When I 'design', I mostly start with a blank page. You might think my upcoming description a little bit insane but, the blank page makes me feel the infinite space. I do not voice it but I feel like not designing, creating. Creating something is far beyond any job. It's not a job. It's a another level or realisation of your inner conciseness. Since I'm a loose screw about the feeling of creation, I do not care about the tools. I didn't knew but it was considered as a 'plus' with the companies. That's why where ever I worked, I turned into 'the guy who endures and solves problems'. Not that I care anything about the titles. The fact that I'm a great problem solver. This also give another undesirable satisfaction feeling. And that's actually just design 101. Solve problems. Not discussing for pages sketch is better then photoshop or etc.

    And I do deeply hate my job.

    I hate it because it's a job. When you put anything under the 'job' folder it starts to suck. Hard. If 'Design' was not something profitable, I would loved 2x. But it's a damn process which fills the systems needs. And I hate my job because it's not an art. Before the flames; design can be called art. But admit it, when your client requests to make it pop, that exact moment the creation turns into a burden-if you are that naive that you think you are doing art. And it's obvious that if design was not profitable at all, maybe we'd still stuck with simple 2d designs.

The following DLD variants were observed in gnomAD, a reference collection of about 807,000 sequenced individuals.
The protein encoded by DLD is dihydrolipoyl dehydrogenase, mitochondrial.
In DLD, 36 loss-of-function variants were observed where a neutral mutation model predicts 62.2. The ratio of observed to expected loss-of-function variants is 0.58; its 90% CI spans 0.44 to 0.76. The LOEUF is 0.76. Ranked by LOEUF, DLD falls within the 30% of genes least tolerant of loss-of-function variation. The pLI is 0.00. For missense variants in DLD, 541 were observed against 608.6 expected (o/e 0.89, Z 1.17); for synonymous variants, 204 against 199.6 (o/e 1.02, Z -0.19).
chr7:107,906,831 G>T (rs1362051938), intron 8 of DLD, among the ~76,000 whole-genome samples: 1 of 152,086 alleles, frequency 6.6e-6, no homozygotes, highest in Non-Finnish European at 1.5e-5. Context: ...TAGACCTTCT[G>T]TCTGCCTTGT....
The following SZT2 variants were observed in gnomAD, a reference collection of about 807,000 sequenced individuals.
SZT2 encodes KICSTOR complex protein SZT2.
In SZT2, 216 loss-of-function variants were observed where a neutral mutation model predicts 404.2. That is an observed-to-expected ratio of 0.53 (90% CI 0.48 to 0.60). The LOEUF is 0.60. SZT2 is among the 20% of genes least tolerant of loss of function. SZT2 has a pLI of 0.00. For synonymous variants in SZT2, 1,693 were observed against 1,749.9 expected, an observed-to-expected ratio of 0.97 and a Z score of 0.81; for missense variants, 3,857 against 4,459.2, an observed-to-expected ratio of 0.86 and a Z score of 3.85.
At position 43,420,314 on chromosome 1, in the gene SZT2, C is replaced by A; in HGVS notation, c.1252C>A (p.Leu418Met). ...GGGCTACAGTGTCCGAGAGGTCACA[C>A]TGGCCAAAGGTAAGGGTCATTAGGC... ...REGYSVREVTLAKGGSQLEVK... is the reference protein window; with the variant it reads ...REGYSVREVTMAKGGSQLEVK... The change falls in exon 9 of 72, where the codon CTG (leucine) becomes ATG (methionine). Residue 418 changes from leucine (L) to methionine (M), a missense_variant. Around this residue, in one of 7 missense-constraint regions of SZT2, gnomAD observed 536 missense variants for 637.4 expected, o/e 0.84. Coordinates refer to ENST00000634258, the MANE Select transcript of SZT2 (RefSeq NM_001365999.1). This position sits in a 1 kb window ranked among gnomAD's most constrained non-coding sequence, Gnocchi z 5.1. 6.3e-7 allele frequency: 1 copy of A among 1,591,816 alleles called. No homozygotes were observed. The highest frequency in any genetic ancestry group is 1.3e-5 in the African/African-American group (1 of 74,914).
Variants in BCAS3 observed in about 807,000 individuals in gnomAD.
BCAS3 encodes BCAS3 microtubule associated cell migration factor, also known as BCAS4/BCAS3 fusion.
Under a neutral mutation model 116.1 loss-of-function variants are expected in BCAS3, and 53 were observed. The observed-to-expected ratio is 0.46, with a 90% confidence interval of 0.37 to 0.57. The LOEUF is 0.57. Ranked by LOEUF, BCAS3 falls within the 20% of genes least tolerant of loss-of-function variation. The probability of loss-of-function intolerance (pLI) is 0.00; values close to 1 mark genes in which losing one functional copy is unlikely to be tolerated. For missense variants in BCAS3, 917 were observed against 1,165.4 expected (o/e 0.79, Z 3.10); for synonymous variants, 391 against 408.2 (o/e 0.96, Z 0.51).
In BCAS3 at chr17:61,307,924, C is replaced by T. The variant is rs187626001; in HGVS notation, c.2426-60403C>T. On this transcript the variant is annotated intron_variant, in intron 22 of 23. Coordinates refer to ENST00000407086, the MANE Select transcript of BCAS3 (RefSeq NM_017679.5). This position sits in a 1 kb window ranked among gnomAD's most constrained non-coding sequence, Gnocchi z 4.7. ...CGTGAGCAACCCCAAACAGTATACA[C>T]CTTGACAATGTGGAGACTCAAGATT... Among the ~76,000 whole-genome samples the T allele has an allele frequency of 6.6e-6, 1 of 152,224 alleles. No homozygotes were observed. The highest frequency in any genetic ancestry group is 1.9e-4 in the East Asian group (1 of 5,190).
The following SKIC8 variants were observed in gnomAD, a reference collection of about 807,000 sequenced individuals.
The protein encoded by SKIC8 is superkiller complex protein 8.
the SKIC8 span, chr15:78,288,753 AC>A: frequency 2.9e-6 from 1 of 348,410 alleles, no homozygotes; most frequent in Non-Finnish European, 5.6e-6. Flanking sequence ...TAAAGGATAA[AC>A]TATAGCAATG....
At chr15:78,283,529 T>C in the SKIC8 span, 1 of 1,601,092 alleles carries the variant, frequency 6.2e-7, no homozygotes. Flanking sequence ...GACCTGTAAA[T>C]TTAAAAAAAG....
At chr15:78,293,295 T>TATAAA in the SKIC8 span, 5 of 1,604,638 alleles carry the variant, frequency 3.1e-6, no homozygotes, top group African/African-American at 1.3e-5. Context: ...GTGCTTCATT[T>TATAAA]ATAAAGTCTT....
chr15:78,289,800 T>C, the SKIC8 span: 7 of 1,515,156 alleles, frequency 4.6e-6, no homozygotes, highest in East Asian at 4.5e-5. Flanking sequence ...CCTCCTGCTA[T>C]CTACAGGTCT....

So. Here are my biploar reasons why I love and hate my job. On my first years, I deeply hated my job. Endless works till mornings, endless rushed red alarmed works with a dusted wallet. Nothing's changed much.Here's the thing that I notice; my friends who wears suits, gets high pays are now dead inside. They all can tell this openly. They all attending weird classes which they pay for, they do hang out with people whose off work hours fit etc. and they're gotten sick with that kind of life. These are not my words. I may lived quarter of my life and can still get exited or chills when I see a nicely kerned 'word' instead of seeing a ferrari on the road. The moment I saw it, I can have it and start shifting it's nature. I can use it. I know I will never ride a ferrari on the first moment I saw. that's the difference. Notice the difference of power (and consume)